It has been found that the granules according to the invention should not exceed a particle size dependent on the pigment. This is determined primarily by the apparent density of the granules which in turn is a measure of the porosity of the particles. In the case of spray granulation, porosity is in turn governed by the solids content of the pumpable starting suspension before drying which can vary considerably according to the shape and size of the pigment particles. A measure of the apparent density is the compacted bulk volume or compacted bulk weight defined in DIN 53 194 of August, 1957 (ISO-DIN 787).
The pigment granules used in the process according to the invention are distinguished by the fact that they do not disintegrate during determination of the compacted bulk weight. The granules according to the invention have a compacted bulk weight of preferably 0.5 to 2.5 g/cm.sup.3 and, more preferably, 0.8 to 1.5 g/cm.sup.3.
The particle size should not be too small because the fines smaller than about 50 μm--depending on the pigment properties--are responsible for the emission of dust from a dry powder. In addition, any increase in the fine component is accompanied by a deterioration in flow.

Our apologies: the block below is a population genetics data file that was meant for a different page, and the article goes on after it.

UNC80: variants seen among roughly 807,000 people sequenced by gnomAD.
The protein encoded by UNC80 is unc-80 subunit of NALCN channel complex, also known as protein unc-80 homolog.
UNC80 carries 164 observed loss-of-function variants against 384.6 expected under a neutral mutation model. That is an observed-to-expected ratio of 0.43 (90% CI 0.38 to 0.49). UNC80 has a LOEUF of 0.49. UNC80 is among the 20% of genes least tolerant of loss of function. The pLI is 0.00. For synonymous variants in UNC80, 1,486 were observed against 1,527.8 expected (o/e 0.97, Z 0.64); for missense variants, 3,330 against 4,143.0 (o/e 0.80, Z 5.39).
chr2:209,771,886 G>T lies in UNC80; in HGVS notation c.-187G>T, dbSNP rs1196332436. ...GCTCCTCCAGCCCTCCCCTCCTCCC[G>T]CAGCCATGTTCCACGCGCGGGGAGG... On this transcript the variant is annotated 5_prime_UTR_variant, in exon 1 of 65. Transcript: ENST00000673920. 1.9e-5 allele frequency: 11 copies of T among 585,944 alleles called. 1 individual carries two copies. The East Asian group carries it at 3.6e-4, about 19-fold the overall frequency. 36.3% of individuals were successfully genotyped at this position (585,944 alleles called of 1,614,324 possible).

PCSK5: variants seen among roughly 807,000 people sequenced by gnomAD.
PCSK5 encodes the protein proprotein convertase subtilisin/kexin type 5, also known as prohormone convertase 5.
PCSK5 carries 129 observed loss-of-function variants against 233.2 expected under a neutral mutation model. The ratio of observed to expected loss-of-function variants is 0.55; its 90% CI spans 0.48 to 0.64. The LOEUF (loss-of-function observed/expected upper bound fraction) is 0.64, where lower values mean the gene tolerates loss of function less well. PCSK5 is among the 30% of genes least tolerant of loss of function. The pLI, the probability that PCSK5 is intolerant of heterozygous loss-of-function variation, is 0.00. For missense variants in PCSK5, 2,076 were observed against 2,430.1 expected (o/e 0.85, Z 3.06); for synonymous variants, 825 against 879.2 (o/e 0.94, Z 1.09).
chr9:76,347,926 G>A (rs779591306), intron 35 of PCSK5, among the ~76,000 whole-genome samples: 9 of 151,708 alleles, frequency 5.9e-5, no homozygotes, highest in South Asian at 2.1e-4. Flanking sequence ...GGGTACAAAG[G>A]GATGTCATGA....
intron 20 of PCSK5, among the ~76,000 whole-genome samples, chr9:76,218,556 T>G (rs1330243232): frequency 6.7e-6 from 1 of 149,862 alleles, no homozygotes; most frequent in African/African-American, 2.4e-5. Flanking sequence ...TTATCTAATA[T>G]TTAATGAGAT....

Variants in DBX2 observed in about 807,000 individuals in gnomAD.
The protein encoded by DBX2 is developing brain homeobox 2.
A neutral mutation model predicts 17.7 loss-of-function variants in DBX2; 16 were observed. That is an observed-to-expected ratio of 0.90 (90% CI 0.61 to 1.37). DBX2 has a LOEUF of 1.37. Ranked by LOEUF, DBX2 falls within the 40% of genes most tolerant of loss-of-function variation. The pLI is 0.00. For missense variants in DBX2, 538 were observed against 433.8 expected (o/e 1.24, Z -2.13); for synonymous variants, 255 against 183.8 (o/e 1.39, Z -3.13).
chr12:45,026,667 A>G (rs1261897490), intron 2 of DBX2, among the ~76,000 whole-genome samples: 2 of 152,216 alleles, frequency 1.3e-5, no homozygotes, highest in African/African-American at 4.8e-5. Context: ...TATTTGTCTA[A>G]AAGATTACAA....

The granules obtained in accordance with the invention by spraying drying have an average particle size of 30 to 500 μm and preferably 100 to 300 μm; granules obtained by pan granulation preferably have an average particle size of 100 μm to 1 cm.
Pigment granules with this particle size are free-flowing powders which are stable to handling and which do not emit any dust so that they are particularly suitable for the coloring of building materials. In contrast to the disclosure of DE-C 3 619 363, the shear forces applied to the granules in concrete preparations are sufficient for complete pigment dispersion during the mixing cycle. Particularly good results are obtained with iron oxide pigments.